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The Dripby Fern Shen5:15 pmOct 23, 20230

York Road crematorium opponents take their case to the Appellate Court of Maryland

Neighboring communities say a Baltimore judge erred in upholding a Zoning Board decision to allow the facility less than 200 feet from homes

Above: A resident near Vaughn Greene Funeral Service’s York Road location with a lawn sign in opposition to the proposed crematorium there. (Fern Shen)

Residents opposed to a human crematorium being placed in north Baltimore near residential neighborhoods have appealed a Circuit Court decision upholding the Zoning Board’s approval of the facility.

Multiple community groups have sought to prevent Vaughn Greene Funeral Services from adding a cremation operation to its existing location at 4905 York Road. Judge Lawrence P. Fletcher-Hill rejected their arguments last May.

The communities announced today that they have filed an appeal, arguing Fletcher-Hill improperly dismissed their critique of the decision by the Board of Municipal and Zoning Appeals (BMZA) to allow the crematorium.

They argue the BMZA ignored the zoning code by refusing to enforce the citywide ban on incinerators and improperly abandoned its duty to protect health when it “dodged accountability for those concerns by shifting responsibility (or blame) to the Maryland Department of the Environment.”

In a statement, the residents said the panel incorrectly reasoned that because the area is already highly polluted, the addition of another source of toxic emissions would not be in conflict with the zoning code.

“By this logic, because the health of this community has been previously disregarded, the city is allowed to continue down the path of further marginalization,” the appellants argued in their 34-page brief.

Call for Environmental Justice

The announcement came with supportive comments by the area’s City Council representative, Mark Conway.

“Now is the time for the Appellate Court of Maryland to recognize and reverse the error of the BMZA in this case and to protect public health,” Conway said. “Environmental justice must be more than an aspiration on the horizon of someday.”

“Now is the time for the Appellate Court to reverse the error of the BMZA and protect the public health”  – Councilman Mark Conway.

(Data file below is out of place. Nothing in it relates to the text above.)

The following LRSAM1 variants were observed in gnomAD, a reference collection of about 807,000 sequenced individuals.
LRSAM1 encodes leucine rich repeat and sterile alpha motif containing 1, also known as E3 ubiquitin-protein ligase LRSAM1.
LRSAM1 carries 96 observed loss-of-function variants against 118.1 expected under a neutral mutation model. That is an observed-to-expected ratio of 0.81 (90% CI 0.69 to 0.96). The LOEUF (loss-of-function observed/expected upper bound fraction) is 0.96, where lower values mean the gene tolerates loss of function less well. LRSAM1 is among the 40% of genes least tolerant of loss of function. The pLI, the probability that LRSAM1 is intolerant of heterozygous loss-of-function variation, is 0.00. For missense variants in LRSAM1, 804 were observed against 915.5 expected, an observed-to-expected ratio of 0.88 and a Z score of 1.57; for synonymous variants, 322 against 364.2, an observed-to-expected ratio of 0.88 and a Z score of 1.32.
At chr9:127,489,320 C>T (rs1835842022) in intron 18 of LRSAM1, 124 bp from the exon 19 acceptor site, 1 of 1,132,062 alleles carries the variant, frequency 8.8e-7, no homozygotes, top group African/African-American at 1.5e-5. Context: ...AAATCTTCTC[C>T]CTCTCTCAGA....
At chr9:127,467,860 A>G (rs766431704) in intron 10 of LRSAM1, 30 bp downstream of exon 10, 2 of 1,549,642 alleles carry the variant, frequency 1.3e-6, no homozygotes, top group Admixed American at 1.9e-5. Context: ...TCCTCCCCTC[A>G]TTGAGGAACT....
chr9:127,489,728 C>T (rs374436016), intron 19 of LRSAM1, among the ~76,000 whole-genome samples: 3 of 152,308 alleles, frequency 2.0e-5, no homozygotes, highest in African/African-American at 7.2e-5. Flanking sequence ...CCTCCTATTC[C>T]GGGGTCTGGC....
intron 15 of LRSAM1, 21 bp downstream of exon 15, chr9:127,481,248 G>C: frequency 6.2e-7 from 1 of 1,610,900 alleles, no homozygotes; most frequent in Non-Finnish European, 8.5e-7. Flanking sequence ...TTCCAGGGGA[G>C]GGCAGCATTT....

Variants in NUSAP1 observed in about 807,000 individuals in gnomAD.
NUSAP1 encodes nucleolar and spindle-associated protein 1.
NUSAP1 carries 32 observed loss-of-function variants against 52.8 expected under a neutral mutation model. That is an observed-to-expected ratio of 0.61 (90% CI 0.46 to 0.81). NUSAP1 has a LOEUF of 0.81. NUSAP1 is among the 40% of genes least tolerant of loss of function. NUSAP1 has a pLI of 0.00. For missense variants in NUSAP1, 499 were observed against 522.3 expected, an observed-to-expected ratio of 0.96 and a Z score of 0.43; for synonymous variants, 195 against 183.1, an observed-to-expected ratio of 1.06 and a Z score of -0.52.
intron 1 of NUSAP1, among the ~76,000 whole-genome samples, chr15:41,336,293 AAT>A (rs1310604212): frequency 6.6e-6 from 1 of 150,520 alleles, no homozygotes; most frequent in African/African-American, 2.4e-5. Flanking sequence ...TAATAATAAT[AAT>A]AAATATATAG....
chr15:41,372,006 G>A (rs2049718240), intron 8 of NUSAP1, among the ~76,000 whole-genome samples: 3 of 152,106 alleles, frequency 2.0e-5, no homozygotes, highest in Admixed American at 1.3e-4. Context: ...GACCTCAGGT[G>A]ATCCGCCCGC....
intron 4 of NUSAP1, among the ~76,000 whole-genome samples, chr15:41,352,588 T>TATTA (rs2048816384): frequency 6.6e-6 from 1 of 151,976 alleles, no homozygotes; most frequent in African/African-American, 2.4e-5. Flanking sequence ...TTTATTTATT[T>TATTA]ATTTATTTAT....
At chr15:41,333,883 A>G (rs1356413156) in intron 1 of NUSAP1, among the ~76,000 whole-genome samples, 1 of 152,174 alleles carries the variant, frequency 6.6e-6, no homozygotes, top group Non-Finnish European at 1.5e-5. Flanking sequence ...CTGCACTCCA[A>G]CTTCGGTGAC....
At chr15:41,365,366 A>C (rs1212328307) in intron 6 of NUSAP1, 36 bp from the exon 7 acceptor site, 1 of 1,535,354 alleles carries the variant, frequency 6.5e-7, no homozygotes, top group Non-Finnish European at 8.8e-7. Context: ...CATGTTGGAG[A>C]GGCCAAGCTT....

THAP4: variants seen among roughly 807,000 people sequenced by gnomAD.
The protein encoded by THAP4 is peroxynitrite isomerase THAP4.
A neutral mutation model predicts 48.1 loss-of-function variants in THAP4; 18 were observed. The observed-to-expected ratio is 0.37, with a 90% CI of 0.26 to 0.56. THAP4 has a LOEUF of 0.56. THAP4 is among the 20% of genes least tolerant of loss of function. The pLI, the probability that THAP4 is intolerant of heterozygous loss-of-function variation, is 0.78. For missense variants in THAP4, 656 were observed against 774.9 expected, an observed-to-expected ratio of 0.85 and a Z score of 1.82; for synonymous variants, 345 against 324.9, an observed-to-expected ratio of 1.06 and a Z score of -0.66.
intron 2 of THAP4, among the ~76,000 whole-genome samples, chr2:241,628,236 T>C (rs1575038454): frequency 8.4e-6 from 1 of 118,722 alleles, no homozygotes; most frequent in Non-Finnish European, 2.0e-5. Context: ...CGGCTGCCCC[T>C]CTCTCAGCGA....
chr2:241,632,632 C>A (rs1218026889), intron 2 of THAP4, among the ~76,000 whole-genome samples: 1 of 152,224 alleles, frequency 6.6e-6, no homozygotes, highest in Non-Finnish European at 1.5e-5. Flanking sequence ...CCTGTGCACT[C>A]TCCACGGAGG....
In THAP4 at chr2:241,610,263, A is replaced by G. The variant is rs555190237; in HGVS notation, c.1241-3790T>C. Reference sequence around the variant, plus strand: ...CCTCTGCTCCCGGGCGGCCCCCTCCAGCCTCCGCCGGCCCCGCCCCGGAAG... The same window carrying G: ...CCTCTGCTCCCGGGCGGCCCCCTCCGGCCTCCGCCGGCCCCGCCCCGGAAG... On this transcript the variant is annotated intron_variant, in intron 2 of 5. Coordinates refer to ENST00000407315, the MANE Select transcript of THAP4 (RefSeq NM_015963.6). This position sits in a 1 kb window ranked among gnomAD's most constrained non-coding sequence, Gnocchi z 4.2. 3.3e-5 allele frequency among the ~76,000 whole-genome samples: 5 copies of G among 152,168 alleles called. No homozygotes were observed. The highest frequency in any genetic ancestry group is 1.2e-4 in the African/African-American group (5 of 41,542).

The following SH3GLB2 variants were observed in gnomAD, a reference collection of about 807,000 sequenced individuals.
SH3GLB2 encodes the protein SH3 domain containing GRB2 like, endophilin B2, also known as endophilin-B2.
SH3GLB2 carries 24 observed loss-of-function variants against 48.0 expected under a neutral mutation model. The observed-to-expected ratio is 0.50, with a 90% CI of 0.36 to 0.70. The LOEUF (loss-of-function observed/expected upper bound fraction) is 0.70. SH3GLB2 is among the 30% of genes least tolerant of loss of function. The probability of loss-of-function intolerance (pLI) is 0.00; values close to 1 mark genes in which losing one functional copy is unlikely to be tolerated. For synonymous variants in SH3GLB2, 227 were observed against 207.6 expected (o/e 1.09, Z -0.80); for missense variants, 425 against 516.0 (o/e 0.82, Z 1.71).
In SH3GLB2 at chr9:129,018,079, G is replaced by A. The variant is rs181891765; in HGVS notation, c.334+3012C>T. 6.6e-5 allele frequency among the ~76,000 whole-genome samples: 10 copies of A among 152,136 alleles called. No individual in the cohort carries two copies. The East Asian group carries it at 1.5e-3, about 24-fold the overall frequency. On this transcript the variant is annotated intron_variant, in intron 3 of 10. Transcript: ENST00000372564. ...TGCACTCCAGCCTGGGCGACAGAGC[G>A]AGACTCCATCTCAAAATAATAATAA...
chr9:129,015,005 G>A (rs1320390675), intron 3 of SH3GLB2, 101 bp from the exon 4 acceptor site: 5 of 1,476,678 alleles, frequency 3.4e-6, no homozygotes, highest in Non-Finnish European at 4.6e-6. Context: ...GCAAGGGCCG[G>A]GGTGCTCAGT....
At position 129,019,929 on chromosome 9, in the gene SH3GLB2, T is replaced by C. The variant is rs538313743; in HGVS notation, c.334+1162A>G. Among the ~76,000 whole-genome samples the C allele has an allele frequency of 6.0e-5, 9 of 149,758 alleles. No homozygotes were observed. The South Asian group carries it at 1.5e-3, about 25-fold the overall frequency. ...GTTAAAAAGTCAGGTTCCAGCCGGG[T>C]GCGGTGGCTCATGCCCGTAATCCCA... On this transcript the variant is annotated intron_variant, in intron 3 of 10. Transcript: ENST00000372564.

The appeal was filed by the original plaintiffs in the three-year-old case: the York Road Partnership, Winston-Govans Neighborhood Improvement Association, Radnor-Winston Improvement Association and longtime residents Cindy Camp and Moira Horowitz.

The York Road Partnership is a coalition of 30 neighborhoods, nonprofits, churches and institutions along the York Road corridor from 39th Street to the city line and from Charles Street to the Alameda.

Vaughn Greene Funeral Services has not yet responded to a request for comment.

The company’s request for a conditional use to install the cremation equipment was made by its corporate parent, M & G Property Management TWO LLC.

Greene Funeral Services, which currently has four locations in the Baltimore area, has said it wants to open its own crematory as an alternative to using a third party to conduct the cremations.

The proposed facility on York Road would be used to cremate bodies from all locations.

More Fine Particulates

Among the arguments the opponents have made is that the proposed crematorium, which would be less than 200 feet from the nearest residence, threatens the heath of a neighborhood already suffering from poor health outcomes.

“Appellant Cindy Camp can see Greene Funeral Services from the home that she shares with her grandson, who has severe asthma, and her brother, who has chronic lung disease,” the appellants’ brief said.

“Black neighborhoods have been disregarded — our health needs must be considered,” Camp said in the community’s released statement.

Judge hears arguments in residents’ appeal of York Road crematorium (7/15/22)

The appellants said the BMZA should have considered the cumulative effects on public health of adding a crematorium that would release more health-harming fine particulate matter into a community already challenged with poor air quality.

And they again made an argument the BMZA had rejected – that a crematorium is an incinerator prohibited under the zoning code – saying, “Common sense and plain English use dictate that incinerators include crematoria.”

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